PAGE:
High School SportsHigh School Girls Basketball


Legendary Bill Triplett back on the sidelines, eyeing another state title

Posted at 1:54 PM, Feb 07, 2019
and last updated 2019-02-07 17:24:58-05
Savage head coach Bill Triplett is in his first year back coaching girls basketball in Montana after a 10-year hiatus. (Photo Courtesy: Bill Triplett)

SAVAGE — One of Montana’s best girls basketball coaches has returned to the sidelines.

Bill Triplett won 408 games from 1989-2007 with Reed Point, including two state titles with the newly formed Reed Point-Rapelje co-op in 2005 and 2006. He also won a state title coaching Reed Point’s boys in 1994. After 10 years coaching basketball and softball at Minot State University, Triplett has returned to Montana and taken over the reins with the Savage girls.

Coaching wasn’t something Triplett had planned on doing after his retirement from Minot State in July of 2017. Triplett spent four years as an assistant coach for the women’s basketball team and 10 years as head coach of the women’s softball team, compiling a 298-172 record on the diamond. With his wife, Kara, coaching the boys at Richey-Lambert, Triplett had no intention of coaching again, instead hoping to see his step-son play. But the Savage job opened up just before the season when former coach Henry Huber took another job, and Triplett took the gig, swallowing the 80-mile daily round trip with it.

And it hasn’t come without high expectations. The Warriors won the District 2C tournament last year but faltered at the Eastern C divisional tournament and saw district foes Plentywood and Froid-Medicine Lake move on to the state tournament.

“When (the seniors) were sophomores, they made the state tournament and then totally expected to go back last year,” Triplett said. “So not making it last year I’m sure has motivated them. It’s motivated them to get in the gym on their own, it’s motivated them to get the right amount of rest and eat right, to shoot the ball on Sunday afternoons, get a key to the gym. They’re very motivated to get back there, and I’m sure some of it has to do with last year.”

Bill Triplett patrols the sidelines for the Savage girls. Triplett is in his first season after a 10-year hiatus from coaching girls basketball in Montana. (Photo Courtesy: Bill Triplett)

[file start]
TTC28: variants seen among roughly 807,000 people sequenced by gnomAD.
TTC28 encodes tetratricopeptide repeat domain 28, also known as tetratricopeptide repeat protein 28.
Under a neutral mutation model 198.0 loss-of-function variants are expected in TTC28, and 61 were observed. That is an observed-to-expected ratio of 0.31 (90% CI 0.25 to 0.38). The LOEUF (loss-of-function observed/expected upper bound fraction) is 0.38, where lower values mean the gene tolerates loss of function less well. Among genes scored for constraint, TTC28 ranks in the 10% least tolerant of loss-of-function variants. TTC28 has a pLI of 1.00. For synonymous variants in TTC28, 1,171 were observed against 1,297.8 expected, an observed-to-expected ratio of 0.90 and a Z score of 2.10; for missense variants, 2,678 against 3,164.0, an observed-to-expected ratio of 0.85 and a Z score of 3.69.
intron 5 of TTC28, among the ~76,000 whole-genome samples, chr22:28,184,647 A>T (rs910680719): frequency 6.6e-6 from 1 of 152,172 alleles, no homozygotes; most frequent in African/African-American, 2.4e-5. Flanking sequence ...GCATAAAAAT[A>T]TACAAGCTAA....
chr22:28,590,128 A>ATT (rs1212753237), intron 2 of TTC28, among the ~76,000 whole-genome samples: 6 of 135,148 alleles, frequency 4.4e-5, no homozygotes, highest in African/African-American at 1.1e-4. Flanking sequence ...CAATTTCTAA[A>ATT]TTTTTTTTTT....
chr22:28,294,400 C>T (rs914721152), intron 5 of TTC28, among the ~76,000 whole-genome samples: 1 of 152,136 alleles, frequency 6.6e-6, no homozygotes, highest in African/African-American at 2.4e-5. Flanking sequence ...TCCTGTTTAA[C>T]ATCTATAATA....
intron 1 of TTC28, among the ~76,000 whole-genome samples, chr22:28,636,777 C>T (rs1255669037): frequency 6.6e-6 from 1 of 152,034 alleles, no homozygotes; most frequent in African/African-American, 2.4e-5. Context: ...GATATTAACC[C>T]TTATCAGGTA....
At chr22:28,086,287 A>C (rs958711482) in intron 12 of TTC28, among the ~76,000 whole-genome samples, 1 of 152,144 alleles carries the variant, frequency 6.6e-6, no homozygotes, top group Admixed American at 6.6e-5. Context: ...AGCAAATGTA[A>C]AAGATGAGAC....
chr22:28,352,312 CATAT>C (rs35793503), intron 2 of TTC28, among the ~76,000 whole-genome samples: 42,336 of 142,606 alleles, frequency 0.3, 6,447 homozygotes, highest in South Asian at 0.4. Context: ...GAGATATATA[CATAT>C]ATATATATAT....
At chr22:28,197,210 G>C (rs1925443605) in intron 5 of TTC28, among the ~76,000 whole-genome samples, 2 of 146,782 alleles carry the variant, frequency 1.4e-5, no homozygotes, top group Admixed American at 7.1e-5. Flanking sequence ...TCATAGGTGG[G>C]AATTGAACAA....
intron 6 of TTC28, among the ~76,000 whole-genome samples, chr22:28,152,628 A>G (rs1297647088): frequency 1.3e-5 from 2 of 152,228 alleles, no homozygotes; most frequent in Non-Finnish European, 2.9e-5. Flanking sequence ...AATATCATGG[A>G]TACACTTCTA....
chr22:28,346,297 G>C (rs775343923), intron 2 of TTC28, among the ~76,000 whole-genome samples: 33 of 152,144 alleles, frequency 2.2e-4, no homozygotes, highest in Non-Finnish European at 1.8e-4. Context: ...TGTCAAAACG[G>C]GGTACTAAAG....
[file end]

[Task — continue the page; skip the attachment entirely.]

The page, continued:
Triplett has changed the way Savage plays from last year’s team, though, saying that they’re quite different. He’s taken advantage of the speed and athleticism that the Warriors possess and transformed Savage into playing an up-tempo, pressure defense style.

“In these Class C schools, you kind of have to work with the talent that you have, you can’t stick with one thing all the time,” Triplett said. “We have two really nice guards with speed in (Tyler) Lien and (Haley) Conradson, and another good athlete in Soda Rice, who’s long and lanky and can run. We try and get up and down the floor and defend the whole floor, scramble around, cause a lot of havoc out there, and it’s worked pretty well so far.”

However, playing a new style hasn’t come without its bumps and bruises. The turnover numbers at the beginning of the season were too high for Triplett’s liking, but over the last few weeks he’s seen the numbers drop and his girls play more in control.

And Savage’s record is reflective of that. The Warriors are still unbeaten at 16-0 and sit No. 2 in the MontanaSports.com power rankings. Savage, though, has its biggest test still ahead. On the regular season’s final weekend, Savage hosts Plentywood on Friday and visits No. 5 Froid-Medicine Lake on Saturday and will be looking to establish itself as the favorite entering the district tournament.

“There’s five really solid teams in this district, so it will just make you better come tournament time. But on the other hand, they all know what you do. The coaches, they all study film. They prepare really well. There’s some really good coaches up here in this league,” Triplett said. “So you’ve kind of got to pull some things out and not use some things in the regular season that you want to use at the tournament, but as far as the competition throughout the year, it’s only going to make us better.”

Ultimately, the state tournament is the goal for Triplett and the Savage girls. For the Warriors to get there, they’ll need the offense to continue to click. Part of what has enabled Savage to continue winning is its offensive diversity. Four girls are averaging double figures, making opposing defenses pick who beats them on a given night. According to Triplett, all four have led the team in scoring at some point this season.

While this is the last run for the seniors in Savage, it could also be Triplett’s final year. With his step-son set to be a senior next year for Richey-Lambert, Triplett has not set any plans in stone for his future, though the long commute has taken its toll.

“I’m really, really enjoying it. I’ve got nice players and they’re all very hard workers and great to work with, lot of fun,” he said. “So it will be a tough decision. If they get some teacher in there that wants to coach basketball, that will be great, too. My future is kind of up in the air, I just wish it wasn’t 80 miles every day and missing some of my kid’s games, but we’ll see what happens.”